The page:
Hydentra HLP Int. Limited v. Tubenn.com et al

Filing 40

ORDER granting 37 Plaintiff's Motion for Default Judgment. The Clerk shall enter judgment awarding Plaintiff $8,100,000 in statutory damages and $22,045 in attorneys' fees and costs. Defendants and their respective agents, servants, and employees are permanently enjoined from infringing Plaintiff's copyrighted works. The Clerk shall terminate this case. Signed by Judge Douglas L Rayes on 10/26/16.(EJA)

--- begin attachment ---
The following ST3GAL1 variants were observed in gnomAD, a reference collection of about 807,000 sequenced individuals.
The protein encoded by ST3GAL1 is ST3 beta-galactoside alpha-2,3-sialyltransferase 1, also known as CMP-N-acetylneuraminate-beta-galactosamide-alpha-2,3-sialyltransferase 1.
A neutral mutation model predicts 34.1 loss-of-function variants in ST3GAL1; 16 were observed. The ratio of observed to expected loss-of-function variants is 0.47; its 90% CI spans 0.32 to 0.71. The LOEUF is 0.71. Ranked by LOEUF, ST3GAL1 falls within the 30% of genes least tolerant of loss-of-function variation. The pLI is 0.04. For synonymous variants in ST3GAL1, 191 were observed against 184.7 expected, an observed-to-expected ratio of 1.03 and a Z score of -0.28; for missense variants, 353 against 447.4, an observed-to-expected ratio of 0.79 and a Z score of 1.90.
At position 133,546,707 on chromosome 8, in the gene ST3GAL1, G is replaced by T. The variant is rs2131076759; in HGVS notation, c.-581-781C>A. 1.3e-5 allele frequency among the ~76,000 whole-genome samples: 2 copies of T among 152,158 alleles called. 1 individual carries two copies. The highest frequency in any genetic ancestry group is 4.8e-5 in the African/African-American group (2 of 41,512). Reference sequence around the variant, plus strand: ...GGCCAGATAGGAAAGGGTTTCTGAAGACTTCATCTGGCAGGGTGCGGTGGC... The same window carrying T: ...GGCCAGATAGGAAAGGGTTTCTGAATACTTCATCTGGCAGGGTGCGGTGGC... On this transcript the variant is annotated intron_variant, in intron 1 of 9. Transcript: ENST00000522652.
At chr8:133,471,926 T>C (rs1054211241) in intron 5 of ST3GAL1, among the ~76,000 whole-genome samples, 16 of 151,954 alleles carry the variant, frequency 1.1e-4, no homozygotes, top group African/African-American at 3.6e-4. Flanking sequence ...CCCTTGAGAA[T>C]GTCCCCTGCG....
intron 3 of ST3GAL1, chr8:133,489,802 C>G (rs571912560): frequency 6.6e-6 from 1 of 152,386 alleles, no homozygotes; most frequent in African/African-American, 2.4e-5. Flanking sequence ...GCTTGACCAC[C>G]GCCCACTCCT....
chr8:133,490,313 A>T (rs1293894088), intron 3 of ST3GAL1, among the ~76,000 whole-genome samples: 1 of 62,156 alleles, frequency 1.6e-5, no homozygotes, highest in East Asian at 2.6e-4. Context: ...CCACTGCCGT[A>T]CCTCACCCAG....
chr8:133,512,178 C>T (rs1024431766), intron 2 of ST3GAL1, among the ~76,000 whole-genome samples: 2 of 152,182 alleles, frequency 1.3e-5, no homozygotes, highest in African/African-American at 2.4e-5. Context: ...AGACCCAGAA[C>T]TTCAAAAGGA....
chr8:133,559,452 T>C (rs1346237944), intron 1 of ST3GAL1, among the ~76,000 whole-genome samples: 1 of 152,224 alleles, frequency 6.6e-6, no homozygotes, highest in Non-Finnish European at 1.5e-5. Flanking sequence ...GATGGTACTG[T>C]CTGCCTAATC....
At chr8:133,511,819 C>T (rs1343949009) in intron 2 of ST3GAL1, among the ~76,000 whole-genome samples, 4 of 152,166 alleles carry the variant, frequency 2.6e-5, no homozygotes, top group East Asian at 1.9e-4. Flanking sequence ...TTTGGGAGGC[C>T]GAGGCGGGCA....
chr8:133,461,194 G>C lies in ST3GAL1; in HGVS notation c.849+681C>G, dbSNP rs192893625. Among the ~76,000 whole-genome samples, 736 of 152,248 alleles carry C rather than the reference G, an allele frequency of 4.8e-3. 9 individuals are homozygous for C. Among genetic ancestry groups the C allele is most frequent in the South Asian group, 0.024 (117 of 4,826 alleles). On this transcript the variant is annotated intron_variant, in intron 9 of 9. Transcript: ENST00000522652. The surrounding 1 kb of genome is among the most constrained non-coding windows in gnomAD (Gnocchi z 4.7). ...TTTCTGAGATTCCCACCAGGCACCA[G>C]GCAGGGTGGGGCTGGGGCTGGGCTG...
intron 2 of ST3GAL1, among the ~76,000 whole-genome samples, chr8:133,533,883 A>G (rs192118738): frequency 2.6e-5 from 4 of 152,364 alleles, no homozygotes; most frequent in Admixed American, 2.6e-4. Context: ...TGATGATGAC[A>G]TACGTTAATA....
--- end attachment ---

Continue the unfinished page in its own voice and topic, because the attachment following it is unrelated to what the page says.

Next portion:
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1 WO 2 3 4 5 6 IN THE UNITED STATES DISTRICT COURT 7 FOR THE DISTRICT OF ARIZONA 8 9 Hydentra HLP Int. Limited, No. CV-15-00239-PHX-DLR Plaintiff, 10 11 v. 12 ORDER Tubenn.com, et al., 13 Defendants. 14 15 16 Before the Court is Plaintiff Hydentra HLP International Limited’s Motion for 17 Default Judgment Against Defendants Danh Manh Nguyen and Thai Nguyen. (Doc. 37.) 18 For the following reasons, the motion is granted. BACKGROUND 19 20 Plaintiff brought this action against various pornographic websites asserting 21 claims for copyright infringement based on the publication of numerous videos 22 copyrighted by Plaintiff. 23 discovery to determine the owners and operators of the offending websites, which the 24 Court granted in part. (Docs. 9, 12.) Based on this early discovery, Plaintiff amended its 25 complaint to name Danh Manh Nguyen and Thai Nguyen as Defendants. (Docs. 18, 28.) 26 Thereafter, Plaintiff moved for leave to serve Defendants, who are located in Vietnam, 27 via email. (Doc. 19.) The Court granted the motion and Plaintiff served Defendants via 28 email on October 26, 2015. (Docs. 21, 25-26.) Since then, Defendants have failed to (Doc. 1.) Plaintiff moved for leave to conduct limited 1 appear. On January 26, 2016, the Clerk of the Court entered default. (Doc. 33.) Plaintiff 2 now moves for default judgment pursuant to Fed. R. Civ. P. 55. (Doc. 37.) Plaintiff 3 seeks $8,100,000 in statutory damages, $22,045 in attorneys’ fees and costs, and a 4 permanent injunction enjoining Defendants and their respective agents, servants, and 5 employees from infringing upon Plaintiff’s copyrighted works. (Id.) 6 LEGAL STANDARD 7 8 When determining whether to enter a default judgment, the court should consider factors such as: 9 (1) the possibility of prejudice to the plaintiff, (2) the merits of plaintiff's substantive claim, (3) the sufficiency of the complaint, (4) the sum of money at stake in the action, (5) the possibility of a dispute concerning material facts, (6) whether the default was due to excusable neglect, and (7) the strong policy underlying the Federal Rules of Civil Procedure favoring decisions on the merits. 10 11 12 13 Eitel v. McCool, 782 F.2d 1470, 1471-72 (9th Cir. 1986). In applying these factors, “the 14 well-pleaded factual allegations of the complaint are taken as true, except for those 15 allegations relating to damages.” Philip Morris USA, Inc. v. Castworld Prod., Inc., 219 16 F.R.D. 494, 498 (C.D. Cal. 2003). DISCUSSION 17 18 I. Entitlement to Default Judgment 19 The first three Eitel factors favor entry of default judgement. “A plaintiff bringing 20 a claim for copyright infringement must demonstrate (1) ownership of a valid copyright, 21 and (2) copying of constituent elements of the work that are original.” Funky Films, Inc. 22 v. Time Warner Entm’t Co., L.P., 462 F.3d 1072, 1076 (9th Cir. 2006) (internal 23 quotations and citation omitted). Plaintiff alleges that it owns the copyright to numerous 24 videos, and that Defendants displayed 18 of these copyrighted videos utilizing five 25 different websites, amounting to 54 separate instances of infringement. (Doc. 28, ¶¶ 44- 26 47.) 27 Director of Battleship Stance LLC, an intellectual property management and anti-piracy 28 investigation and enforcement company, and Jon Krogman, President of Hydrentra HLP Plaintiff substantiates these allegations with declarations from Jason Tucker, -2- 1 International Limited and its subsidiaries. (Docs. 37-2, 37-3.) 2 sufficiently alleged meritorious copyright infringement claims. Moreover, this Court 3 likely is the only forum in which Plaintiff may obtain relief. Defendants are located in 4 Vietnam, but the offending websites are hosted here in Arizona. 5 Plaintiff will be prejudiced if a default judgment is not granted because it “will likely be 6 without other recourse for recovery.” PepsiCo, Inc. v. Cal. Sec. Cans, 238 F. Supp. 2d 7 1172, 1177 (C.D. Cal. 2002). 8 Thus, Plaintiff has The fourth factor weighs against entry of default judgment. (Doc. 28, ¶ 10.) Plaintiff seeks 9 $8,100,000 in statutory damages. Although Rule 55 does not limit the amount that can be 10 recovered through a default judgment, the substantial size of Plaintiff’s requested damage 11 award is cause for hesitation. 12 The fifth and sixth factors both weigh in favor of entry of default judgment. 13 Plaintiff substantiates its copyright infringement claims with the declarations of Tucker 14 and Krogman, and nothing suggests that these facts are subject to reasonable dispute. 15 Additionally, Defendants were served with the summons and complaint but have made 16 no effort to respond or otherwise participate in this action. 17 Defendants’ default was the result of excusable neglect. Nothing suggests that 18 Finally, the seventh factor generally weighs against entry of default judgment 19 because “[c]ases should be decided upon their merits whenever reasonably possible.” 20 Eitel, 782 F.2d at 1472. Defendants’ failure to participate in this litigation, however, 21 “makes a decision on the merits impractical, if not impossible.” PepsiCo, 238 F. Supp. 22 2d at 1177. On balance, the Court finds that the Eitel factors support entry of default 23 judgment against Defendants. 24 II. Damages 25 A copyright owner may recover statutory damages if the copyright was registered 26 with the United States Copyright Office before the date of infringement. 17 U.S.C. §§ 27 412, 504(a). Statutory damages may range from $750 to $30,000 per copyrighted work. 28 17 U.S.C. § 504(c)(1). The statutory maximum increases to $150,000 per copyrighted -3- 1 work in cases of willful infringement. § 504(c)(2). 2 Plaintiff requests that statutory maximum for each of the 54 separate instances of 3 copyright infringement, for a total of $8,100,000. Plaintiff has shown that the infringed- 4 upon videos were registered prior to infringement. (Doc. 37-2, ¶ 23; Doc. 37-3, ¶ 25.) 5 Plaintiff also alleges that Defendants’ infringement was willful, (Doc. 28, ¶¶ 60-61), 6 which the Court must accept as true. See Derek Andrew, Inc. v. Proof Apparel Corp., 7 528 F.3d 696, 702 (9th Cir. 2008) (noting that, as a result of the defendant’s default, “all 8 factual allegations in the complaint are deemed true, including the allegation of [the 9 defendant’s] willful infringement of [the plaintiff’s] trademarks”). Moreover, Plaintiff 10 provides evidence that Defendants continue to display Plaintiff’s copyrighted videos on 11 at least two of their websites, despite being served with this lawsuit. (Doc. 37-3, ¶¶ 39- 12 40.) 13 appropriate and awards Plaintiff the maximum statutory award per willfully infringed 14 video, totaling $8,100,000. 15 III. Attorneys’ Fees Given these circumstances, the Court finds that the statutory maximum is 16 A prevailing copyright owner may recover reasonable attorneys’ fees and costs if 17 the subject copyright was registered before the date of infringement. 17 U.S.C. §§ 412, 18 505. Plaintiff requests $22,045 in attorneys’ fees and costs, which reflects the $400 filing 19 fee and 48.1 hours of work billed at a rate of $450 per hour. (Doc. 37-4.) Plaintiff’s 20 attorney has submitted a task-based itemization of the work performed, which includes 21 drafting the complaints, a motion to conduct early discovery, a motion for leave to serve 22 Defendants by alternative means, and the instant motion for default judgment. (Id.) The 23 Court finds Plaintiff’s fee request reasonable and awards $22,045 in attorneys’ fees and 24 costs. 25 IV. Injunctive Relief 26 Finally, Plaintiff requests that the Court permanently enjoin Defendants from 27 infringing Plaintiff’s copyrighted videos. The Court is authorized to “grant . . . final 28 injunctions on such terms as it may deem reasonable to prevent or restrain infringement -4- 1 of a copyright.” 17 U.S.C. § 502. Plaintiff has demonstrated that it has been harmed by 2 Defendants’ willful infringement and that Defendants continue to unlawfully display 3 copyrighted works on at least two of their websites, despite notice of this lawsuit. The 4 Court finds that injunctive relief is appropriate under the circumstances. Accordingly, 5 IT IS ORDERED that Plaintiff’s Motion for Default Judgment, (Doc. 37), is 6 GRANTED. The Clerk shall enter judgment awarding Plaintiff $8,100,000 in statutory 7 damages and $22,045 in attorneys’ fees and costs. Defendants and their respective 8 agents, servants, and employees are permanently enjoined from infringing Plaintiff’s 9 copyrighted works. The Clerk shall terminate this case. 10 Dated this 26th day of October, 2016. 11 12 13 14 15 Douglas L. Rayes United States District Judge 16 17 18 19 20 21 22 23 24 25 26 27 28 -5-